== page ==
VENICE, Louisiana — An oil spill that threatened to eclipse even the Exxon Valdez disaster spread out of control and a faint sheen started washing ashore along the Gulf Coast on Thursday night as fishermen rushed to scoop up shrimp and crews spread floating barriers around marshes.
The spill was bigger than imagined — five times more than first estimated — and closer. Fingers of oily sheen were reaching the Mississippi River delta, lapping the Louisiana shoreline in long, thin lines.
"It is of grave concern," David Kennedy of the National Oceanic and Atmospheric Administration, told the Associated Press. "I am frightened. This is a very, very big thing. And the efforts that are going to be required to do anything about it, especially if it continues on, are just mind-boggling."
The oil slick could become America's worst environmental disaster in decades, threatening hundreds of species of fish, birds and other wildlife along the Gulf Coast, one of the world's richest seafood grounds, teeming with shrimp, oysters and other marine life.
The leak from the ocean floor proved to be far bigger than initially reported, contributing to a growing sense among many in Louisiana that the government failed them again, just as it did during Hurricane Katrina. President Obama dispatched Cabinet officials to deal with the crisis.
Cade Thomas, a fishing guide in Venice, worried that his livelihood will be destroyed. He said he did not know whether to blame the Coast Guard, the federal government or oil company BP PLC.
"They lied to us. They came out and said it was leaking 1,000 barrels when I think they knew it was more. And they weren't proactive," he said. "As soon as it blew up, they should have started wrapping it with booms."
The Coast Guard worked with BP, which operated the oil rig that exploded and sank last week, to deploy floating booms, skimmers and chemical dispersants, and set controlled fires to burn the oil off the water's surface.
The Coast Guard abandoned the plan Wednesday to set fire to the leaking oil after sea conditions deteriorated. The attempt to burn some of the oil came after crews operating submersible robots failed to activate a shut-off device that would halt the flow of oil.
Government officials said the blown-out well 40 miles offshore is spewing five times as much oil into the water as originally estimated — about 5,000 barrels, or 200,000 gallons a day.
At that rate, the spill could easily eclipse the worst oil spill in U.S. history — the 11 million gallons that leaked from the grounded tanker Exxon Valdez in Alaska's Prince William Sound in 1989 — in the three months it could take to drill a relief well and plug the gushing well 5,000 feet underwater on the sea floor.
Ultimately, the spill could grow much larger than the Valdez because Gulf of Mexico wells typically hold many times more oil than a single tanker.
An emergency shrimping season was opened to allow shrimpers to scoop up their catch before it is fouled by oil. Cannons were to be used to scare off birds. And shrimpers were being lined up to use their boats as makeshift skimmers in the shallows.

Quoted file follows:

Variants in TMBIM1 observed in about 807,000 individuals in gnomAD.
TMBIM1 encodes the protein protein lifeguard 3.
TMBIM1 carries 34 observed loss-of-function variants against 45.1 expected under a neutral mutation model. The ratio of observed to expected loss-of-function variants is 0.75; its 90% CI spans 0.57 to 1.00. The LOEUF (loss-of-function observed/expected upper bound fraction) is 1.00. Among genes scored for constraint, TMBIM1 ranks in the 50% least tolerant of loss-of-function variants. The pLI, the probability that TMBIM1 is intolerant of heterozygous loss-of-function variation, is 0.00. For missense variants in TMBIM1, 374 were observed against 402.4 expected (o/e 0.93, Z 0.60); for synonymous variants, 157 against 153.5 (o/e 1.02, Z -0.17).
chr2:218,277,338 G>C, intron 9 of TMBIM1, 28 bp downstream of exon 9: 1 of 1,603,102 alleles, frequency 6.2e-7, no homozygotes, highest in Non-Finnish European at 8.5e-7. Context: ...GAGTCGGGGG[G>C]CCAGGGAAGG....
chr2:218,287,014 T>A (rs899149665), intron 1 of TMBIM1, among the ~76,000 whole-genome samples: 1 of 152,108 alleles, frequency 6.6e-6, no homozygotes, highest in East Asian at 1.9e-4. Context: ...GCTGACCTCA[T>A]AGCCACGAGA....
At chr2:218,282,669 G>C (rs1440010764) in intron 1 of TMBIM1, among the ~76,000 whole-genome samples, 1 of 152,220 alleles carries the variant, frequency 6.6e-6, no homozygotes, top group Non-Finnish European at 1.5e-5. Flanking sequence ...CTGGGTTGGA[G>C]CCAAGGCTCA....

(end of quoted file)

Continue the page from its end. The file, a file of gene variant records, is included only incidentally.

This murky water and the oysters in it have provided a livelihood for three generations of Frank and Mitch Jurisich's family in Louisiana.
Now, on the open water just beyond the marshes, they can smell the oil that threatens everything they know and love.
"Just smelling it, it puts more of a sense of urgency, a sense of fear," Frank Jurisich said.
The brothers hope to get all the oysters they can sell before the oil washes ashore. They filled more than 100 burlap sacks Thursday and stopped to eat some oysters. "This might be our last day," Mitch Jurisich said.
Without the fishing industry, Frank Jurisich said the family "would be lost. This is who we are and what we do."
Louisiana Gov. Bobby Jindal declared a state of emergency Thursday so officials could begin preparing for the oil's impact. He said at least 10 wildlife management areas and refuges in his state and neighboring Mississippi are in the oil plume's path.
As dawn broke Thursday in the oil industry hub of Venice, about 75 miles from New Orleans and not far from the mouth of the Mississippi River, crews loaded an orange oil boom aboard a supply boat at Bud's Boat Launch. There, local officials expressed frustration with the pace of the government's response and the communication they were getting from the Coast Guard and BP officials.
"We're not doing everything we can do," said Billy Nungesser, president of Plaquemines Parish, which straddles the Mississippi River at the tip of Louisiana.
Tension was growing in towns like Port Sulphur and Empire along Louisiana Highway 23, which runs south of New Orleans along the Mississippi River into prime oyster and shrimping waters.
In Buras, Louisiana, where Hurricane Katrina made landfall in 2005, the owner of the Black Velvet Oyster Bar & Grill couldn't keep his eyes off the television. News and weather shows were making projections that oil would soon inundate the coastal wetlands where his family has worked since the 1860s.
It was as though a hurricane was approaching, maybe worse.
"A hurricane is like closing your bank account for a few days, but this here has the capacity to destroy our bank accounts," said Byron Marinovitch, 47.